personnel.
  Acute gaps in key emergency supplies /medicines.

At a later Stage or if time permits:
 Number/types of medicines available, vaccines, blood, laboratory supplies, etc.
 Number and types of injuries / illnesses reported at facilities.
 Needs for evacuation of injured / ill persons to other types of facilities needs for
   specialized care (e.g. burn treatment);
 Number and functions of medical field operation (e.g. type of injuries treated and
   resources needed);
 Key emergency supplies most urgently needed.

(b) Environmental Health Services

Due to the significant effects of environmental factors on health after a sudden
impact disaster, early attention should be given to assessing the status of health
related services, such as water supply, sanitation/vector control measures, shelter
and transport.

What information to collect?

1. Water supply
       The two priorities to assess are quantity and quality of untreated water
supplies (In earthquakes for instance, a major problem is adequate quantity if supply
lines are cut).

Particular attention should be paid to;
 Structural or functional damage to water supplies
 Size and location of populations with adequate sources of water supply – to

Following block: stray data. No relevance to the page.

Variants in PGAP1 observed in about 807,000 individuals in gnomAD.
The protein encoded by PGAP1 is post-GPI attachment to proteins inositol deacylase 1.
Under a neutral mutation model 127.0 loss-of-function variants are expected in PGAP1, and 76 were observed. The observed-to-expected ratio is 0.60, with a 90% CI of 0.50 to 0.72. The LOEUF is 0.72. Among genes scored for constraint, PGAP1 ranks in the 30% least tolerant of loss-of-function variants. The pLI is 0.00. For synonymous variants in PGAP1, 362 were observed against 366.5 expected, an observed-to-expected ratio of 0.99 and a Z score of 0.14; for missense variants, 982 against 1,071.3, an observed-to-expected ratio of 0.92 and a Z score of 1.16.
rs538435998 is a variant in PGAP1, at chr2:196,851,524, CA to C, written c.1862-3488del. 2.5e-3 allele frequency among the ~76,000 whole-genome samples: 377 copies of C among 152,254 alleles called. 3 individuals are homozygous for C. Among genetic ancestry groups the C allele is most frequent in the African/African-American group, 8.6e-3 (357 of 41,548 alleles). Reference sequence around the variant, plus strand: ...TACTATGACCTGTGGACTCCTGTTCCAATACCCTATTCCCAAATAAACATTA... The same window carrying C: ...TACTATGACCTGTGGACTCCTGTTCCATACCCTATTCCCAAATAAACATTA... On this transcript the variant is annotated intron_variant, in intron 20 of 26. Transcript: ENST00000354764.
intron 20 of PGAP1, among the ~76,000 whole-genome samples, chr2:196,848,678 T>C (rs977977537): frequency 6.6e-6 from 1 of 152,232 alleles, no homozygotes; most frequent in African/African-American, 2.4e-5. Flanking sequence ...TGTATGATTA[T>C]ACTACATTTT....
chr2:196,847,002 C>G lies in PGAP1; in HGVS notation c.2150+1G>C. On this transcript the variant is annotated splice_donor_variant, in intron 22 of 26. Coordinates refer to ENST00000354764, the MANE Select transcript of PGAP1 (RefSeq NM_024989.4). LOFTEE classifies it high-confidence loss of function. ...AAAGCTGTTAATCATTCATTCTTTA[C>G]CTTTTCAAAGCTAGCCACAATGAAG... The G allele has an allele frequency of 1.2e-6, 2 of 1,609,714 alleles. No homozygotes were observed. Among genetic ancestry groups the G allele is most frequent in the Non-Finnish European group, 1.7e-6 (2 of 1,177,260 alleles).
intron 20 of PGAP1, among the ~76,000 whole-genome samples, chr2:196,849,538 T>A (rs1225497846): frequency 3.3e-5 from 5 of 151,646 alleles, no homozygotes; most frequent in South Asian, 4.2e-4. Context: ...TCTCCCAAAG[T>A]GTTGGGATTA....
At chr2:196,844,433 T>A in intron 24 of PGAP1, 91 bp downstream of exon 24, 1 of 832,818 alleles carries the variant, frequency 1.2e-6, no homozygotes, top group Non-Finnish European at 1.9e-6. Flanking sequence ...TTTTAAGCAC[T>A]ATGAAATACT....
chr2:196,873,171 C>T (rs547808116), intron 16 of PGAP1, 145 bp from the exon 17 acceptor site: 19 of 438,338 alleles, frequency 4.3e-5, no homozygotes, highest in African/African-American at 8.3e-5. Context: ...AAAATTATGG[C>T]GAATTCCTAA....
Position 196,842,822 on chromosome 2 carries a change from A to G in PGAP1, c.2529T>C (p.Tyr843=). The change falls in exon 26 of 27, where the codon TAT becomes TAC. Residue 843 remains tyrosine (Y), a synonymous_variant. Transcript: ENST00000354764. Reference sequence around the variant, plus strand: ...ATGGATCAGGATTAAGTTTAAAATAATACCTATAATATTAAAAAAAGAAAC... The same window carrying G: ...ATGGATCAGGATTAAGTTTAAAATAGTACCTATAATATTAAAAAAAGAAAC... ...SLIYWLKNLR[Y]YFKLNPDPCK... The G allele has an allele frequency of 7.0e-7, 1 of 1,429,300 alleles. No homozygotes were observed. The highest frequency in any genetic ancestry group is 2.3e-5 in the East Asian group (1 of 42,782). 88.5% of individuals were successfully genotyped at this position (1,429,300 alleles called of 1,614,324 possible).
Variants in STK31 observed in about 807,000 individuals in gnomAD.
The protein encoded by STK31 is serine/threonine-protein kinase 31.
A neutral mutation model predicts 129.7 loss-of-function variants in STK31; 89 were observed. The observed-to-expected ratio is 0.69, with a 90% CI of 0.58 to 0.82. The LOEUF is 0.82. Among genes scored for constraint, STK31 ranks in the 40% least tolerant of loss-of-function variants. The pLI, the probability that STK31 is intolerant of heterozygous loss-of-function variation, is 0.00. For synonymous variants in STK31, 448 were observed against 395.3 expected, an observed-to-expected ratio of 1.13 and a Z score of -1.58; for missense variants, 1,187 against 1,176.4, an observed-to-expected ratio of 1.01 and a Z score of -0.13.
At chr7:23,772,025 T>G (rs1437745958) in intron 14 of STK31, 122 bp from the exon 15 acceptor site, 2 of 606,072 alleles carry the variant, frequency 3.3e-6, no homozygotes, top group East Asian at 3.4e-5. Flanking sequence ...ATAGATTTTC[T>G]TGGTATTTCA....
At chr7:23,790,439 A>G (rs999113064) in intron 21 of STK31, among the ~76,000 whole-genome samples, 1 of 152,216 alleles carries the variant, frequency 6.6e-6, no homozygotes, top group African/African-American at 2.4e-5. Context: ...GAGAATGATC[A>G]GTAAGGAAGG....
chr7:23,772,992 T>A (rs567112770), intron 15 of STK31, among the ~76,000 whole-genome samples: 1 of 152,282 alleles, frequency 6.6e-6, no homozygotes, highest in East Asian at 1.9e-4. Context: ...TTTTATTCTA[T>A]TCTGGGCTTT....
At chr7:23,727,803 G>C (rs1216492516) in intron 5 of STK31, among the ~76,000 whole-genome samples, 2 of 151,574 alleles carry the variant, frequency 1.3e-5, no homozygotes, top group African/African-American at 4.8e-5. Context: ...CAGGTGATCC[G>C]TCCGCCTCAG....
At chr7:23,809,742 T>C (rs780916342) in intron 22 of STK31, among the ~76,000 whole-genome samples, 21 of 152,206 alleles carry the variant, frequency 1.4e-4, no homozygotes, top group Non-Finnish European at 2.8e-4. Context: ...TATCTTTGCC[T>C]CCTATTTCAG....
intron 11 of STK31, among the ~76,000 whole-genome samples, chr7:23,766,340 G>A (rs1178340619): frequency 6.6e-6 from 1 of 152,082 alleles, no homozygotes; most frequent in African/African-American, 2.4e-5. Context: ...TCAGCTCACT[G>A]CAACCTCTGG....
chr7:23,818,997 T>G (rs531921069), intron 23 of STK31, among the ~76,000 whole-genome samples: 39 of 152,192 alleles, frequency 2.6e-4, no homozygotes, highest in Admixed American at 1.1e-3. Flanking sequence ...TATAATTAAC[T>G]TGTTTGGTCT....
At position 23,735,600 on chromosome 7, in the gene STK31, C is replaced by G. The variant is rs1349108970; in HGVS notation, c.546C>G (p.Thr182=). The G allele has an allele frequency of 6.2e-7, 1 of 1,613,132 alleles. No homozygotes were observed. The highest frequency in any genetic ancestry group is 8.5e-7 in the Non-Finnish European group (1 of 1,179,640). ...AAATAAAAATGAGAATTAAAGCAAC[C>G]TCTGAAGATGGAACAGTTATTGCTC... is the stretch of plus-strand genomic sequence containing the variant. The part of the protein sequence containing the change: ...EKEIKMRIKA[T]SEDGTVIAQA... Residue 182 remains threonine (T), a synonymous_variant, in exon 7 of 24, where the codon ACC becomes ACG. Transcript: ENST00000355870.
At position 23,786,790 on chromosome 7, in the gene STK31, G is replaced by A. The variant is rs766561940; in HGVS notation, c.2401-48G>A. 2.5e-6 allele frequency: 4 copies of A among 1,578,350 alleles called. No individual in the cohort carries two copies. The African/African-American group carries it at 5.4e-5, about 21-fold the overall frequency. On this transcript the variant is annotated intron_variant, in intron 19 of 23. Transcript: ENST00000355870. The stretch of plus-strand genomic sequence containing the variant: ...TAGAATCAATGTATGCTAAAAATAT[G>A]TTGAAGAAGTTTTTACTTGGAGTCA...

identify groups at increased risk of communicable disease
 Actual or potentially contaminated water sources and populations exposed to
   such sources.

2. Sanitation and vector control

 Structural integrity of sewage treatment systems,
 Signs of functional damage (Such as overflowing of septic pits)




Disaster-2008_Action Plan-08             22
GUIDELINES FOR SURVEILLANCE OF EPIDEMIC PRONE DISEASES IN
AFFECTED AREAS IN GUJARAT

INTRODUCTION

       Surveillance of diseases is the continuing scrutiny of all aspects of the
occurrence and spread of a disease that are pertinent to effective control.
Sudden impact natural disasters like earthquakes are rarely followed by
communicable disease outbreaks. However, continued lack of water supply and
proper disposal of excreta, disrupted health services and environmental conditions,
there is always an increased risk of communicable disease outbreaks.
       A core group of senior officers have to take up comprehensive responsibility
to plan, organize, supervise and monitor the state level management cell which
should include medical experts, epidemiologists and Entomologists.

OBJECTIVES
1.     Immediate provision of essential medical care
2.     Strengthening of epidemiological surveillance of selected epidemic prone
       Communicable diseases to generate early warning signals of potential
       outbreaks.
3.      To undertake epidemiological investigation of potential outbreak, if any, and
to take rapid appropriate action for the containment of impending outbreak.